- In the worldwide race for a vaccine to stop the coronavirus, the laboratory sprinting fastest is at Oxford University.
- Most other teams have had to start with small clinical trials of a few hundred participants to demonstrate safety. But scientists at the university’s Jenner Institute had a head start on a vaccine, having proved in previous trials that similar inoculations — including one last year against an earlier coronavirus — were harmless to humans.
- That has enabled them to leap ahead and schedule tests of their new coronavirus vaccine involving more than 6,000 people by the end of next month, hoping to show not only that it is safe, but also that it works.
- The Oxford scientists now say that with an emergency approval from regulators, the first few million doses of their vaccine could be available by September — at least several months ahead of any of the other announced efforts — if it proves to be effective.
- Now, they have received promising news suggesting that it might.
- Scientists at the National Institutes of Health’s Rocky Mountain Laboratory in Montana last month inoculated six rhesus macaque monkeys with single doses of the Oxford vaccine. The animals were then exposed to heavy quantities of the virus that is causing the pandemic — exposure that had consistently sickened other monkeys in the lab. But more than 28 days later all six were healthy, said Vincent Munster, the researcher who conducted the test.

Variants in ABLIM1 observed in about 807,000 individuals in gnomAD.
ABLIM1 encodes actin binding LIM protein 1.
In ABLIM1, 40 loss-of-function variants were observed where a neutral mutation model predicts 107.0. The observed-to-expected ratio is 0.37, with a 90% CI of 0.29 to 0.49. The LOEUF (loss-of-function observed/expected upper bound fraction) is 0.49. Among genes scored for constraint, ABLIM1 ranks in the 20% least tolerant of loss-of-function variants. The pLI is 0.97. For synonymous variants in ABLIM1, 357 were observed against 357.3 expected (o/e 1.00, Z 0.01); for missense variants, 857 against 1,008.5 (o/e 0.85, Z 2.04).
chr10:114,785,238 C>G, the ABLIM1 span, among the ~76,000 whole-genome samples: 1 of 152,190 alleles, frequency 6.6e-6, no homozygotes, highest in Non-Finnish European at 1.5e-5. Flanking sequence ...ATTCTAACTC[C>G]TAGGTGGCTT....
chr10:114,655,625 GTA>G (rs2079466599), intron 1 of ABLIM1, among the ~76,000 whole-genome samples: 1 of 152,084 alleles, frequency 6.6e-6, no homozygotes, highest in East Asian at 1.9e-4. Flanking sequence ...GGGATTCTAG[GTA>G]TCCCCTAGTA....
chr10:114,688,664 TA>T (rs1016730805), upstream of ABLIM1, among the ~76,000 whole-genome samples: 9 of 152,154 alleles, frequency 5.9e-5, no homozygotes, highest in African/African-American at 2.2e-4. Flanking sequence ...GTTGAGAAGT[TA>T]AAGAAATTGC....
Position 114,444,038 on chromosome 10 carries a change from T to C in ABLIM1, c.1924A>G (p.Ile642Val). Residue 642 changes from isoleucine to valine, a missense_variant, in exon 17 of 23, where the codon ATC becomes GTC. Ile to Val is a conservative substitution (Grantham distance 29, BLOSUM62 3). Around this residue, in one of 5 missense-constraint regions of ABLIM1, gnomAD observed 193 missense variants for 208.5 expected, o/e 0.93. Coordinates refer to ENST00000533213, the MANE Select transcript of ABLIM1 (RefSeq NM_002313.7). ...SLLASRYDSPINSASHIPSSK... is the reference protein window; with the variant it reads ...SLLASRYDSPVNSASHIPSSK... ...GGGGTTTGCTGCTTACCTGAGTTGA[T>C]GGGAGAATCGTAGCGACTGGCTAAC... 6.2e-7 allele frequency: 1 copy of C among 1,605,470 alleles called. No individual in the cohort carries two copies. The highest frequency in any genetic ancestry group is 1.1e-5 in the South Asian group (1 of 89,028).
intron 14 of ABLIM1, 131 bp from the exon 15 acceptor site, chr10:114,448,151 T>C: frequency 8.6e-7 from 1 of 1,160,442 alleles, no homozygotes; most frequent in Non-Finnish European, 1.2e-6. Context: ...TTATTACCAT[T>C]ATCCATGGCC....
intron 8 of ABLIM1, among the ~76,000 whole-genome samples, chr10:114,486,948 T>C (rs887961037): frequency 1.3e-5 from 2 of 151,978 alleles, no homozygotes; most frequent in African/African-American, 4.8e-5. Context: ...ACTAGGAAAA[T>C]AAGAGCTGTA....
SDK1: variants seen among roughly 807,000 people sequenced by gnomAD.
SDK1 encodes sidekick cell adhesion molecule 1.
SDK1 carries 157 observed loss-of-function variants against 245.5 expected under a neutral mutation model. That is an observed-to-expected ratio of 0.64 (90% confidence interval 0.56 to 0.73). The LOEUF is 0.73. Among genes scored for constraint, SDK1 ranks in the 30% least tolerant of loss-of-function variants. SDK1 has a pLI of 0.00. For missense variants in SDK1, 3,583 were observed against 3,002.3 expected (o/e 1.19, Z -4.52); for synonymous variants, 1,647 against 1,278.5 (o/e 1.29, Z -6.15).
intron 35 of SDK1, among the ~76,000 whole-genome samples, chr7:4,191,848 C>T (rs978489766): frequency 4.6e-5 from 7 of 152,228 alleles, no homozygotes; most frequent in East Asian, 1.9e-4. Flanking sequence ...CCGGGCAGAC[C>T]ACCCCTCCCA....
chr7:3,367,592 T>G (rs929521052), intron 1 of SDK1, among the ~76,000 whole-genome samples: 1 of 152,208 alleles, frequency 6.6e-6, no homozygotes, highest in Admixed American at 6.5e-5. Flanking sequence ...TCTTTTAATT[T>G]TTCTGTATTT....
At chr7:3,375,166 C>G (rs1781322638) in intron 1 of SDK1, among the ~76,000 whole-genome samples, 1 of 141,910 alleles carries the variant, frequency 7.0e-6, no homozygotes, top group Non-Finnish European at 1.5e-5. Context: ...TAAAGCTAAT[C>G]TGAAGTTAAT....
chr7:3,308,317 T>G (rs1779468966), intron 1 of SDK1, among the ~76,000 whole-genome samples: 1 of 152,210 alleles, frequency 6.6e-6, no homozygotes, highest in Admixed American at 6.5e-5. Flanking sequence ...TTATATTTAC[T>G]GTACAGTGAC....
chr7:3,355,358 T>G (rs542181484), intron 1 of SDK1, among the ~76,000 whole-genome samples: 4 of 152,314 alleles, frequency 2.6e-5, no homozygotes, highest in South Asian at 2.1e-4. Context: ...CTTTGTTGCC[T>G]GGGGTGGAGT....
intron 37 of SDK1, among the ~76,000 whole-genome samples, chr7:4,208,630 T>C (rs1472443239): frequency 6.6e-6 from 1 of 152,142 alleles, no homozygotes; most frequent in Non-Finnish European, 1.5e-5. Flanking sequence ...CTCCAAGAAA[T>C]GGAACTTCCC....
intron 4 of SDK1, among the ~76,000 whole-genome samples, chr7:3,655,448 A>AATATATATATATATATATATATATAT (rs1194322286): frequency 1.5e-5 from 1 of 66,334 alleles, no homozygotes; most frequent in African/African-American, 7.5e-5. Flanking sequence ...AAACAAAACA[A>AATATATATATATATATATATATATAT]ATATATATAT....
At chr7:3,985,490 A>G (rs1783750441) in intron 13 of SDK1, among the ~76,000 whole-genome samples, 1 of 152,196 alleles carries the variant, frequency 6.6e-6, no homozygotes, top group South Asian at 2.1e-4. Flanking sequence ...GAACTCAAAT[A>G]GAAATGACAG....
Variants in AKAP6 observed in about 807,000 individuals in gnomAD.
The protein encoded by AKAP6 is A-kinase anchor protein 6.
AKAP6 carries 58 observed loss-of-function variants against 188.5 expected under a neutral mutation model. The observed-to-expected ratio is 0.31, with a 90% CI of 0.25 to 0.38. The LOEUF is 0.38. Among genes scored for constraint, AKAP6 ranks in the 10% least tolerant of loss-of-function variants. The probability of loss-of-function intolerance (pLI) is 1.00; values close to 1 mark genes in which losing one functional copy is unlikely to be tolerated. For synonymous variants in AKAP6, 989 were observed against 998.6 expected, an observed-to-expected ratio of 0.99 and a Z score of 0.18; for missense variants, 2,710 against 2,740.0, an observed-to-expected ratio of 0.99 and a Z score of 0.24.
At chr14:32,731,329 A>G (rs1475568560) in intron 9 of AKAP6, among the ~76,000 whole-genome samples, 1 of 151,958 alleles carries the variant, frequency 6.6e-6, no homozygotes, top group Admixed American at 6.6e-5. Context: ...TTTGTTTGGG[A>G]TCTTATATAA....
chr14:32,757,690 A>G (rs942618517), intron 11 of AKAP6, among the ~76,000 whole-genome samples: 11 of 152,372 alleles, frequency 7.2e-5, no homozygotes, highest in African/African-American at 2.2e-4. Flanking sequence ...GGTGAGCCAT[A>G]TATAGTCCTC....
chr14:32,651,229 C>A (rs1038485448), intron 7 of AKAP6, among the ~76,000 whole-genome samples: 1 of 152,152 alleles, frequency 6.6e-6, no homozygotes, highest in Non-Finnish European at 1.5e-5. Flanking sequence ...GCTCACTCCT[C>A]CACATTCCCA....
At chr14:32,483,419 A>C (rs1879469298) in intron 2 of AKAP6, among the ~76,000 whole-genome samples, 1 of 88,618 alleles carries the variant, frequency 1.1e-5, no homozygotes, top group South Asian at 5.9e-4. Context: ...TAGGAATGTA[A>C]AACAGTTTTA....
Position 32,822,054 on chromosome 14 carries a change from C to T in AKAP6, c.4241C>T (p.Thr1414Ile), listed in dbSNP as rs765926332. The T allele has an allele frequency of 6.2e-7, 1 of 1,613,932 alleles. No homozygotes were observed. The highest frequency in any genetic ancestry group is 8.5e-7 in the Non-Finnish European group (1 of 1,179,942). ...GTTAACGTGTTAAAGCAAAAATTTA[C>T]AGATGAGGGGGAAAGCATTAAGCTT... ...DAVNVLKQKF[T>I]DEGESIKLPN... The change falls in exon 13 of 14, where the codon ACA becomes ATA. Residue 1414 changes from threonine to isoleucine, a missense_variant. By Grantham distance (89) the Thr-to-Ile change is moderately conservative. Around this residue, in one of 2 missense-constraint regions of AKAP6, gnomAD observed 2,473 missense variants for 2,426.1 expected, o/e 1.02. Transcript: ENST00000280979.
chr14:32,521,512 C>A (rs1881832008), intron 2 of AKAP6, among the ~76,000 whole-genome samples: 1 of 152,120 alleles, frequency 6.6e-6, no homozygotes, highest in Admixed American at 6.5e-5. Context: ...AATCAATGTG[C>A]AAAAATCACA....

- “The rhesus macaque is pretty much the closest thing we have to humans,” Dr. Munster said, noting that scientists were still analyzing the result. He said he expected to share it with other scientists next week and then submit it to a peer-reviewed journal.
- Immunity in monkeys is no guarantee that a vaccine will provide the same degree of protection for humans. A Chinese company that recently started a clinical trial with 144 participants, SinoVac, has also said that its vaccine was effective in rhesus macaques. But with dozens of efforts now underway to find a vaccine, the monkey results are the latest indication that Oxford’s accelerated venture is emerging as a bellwether.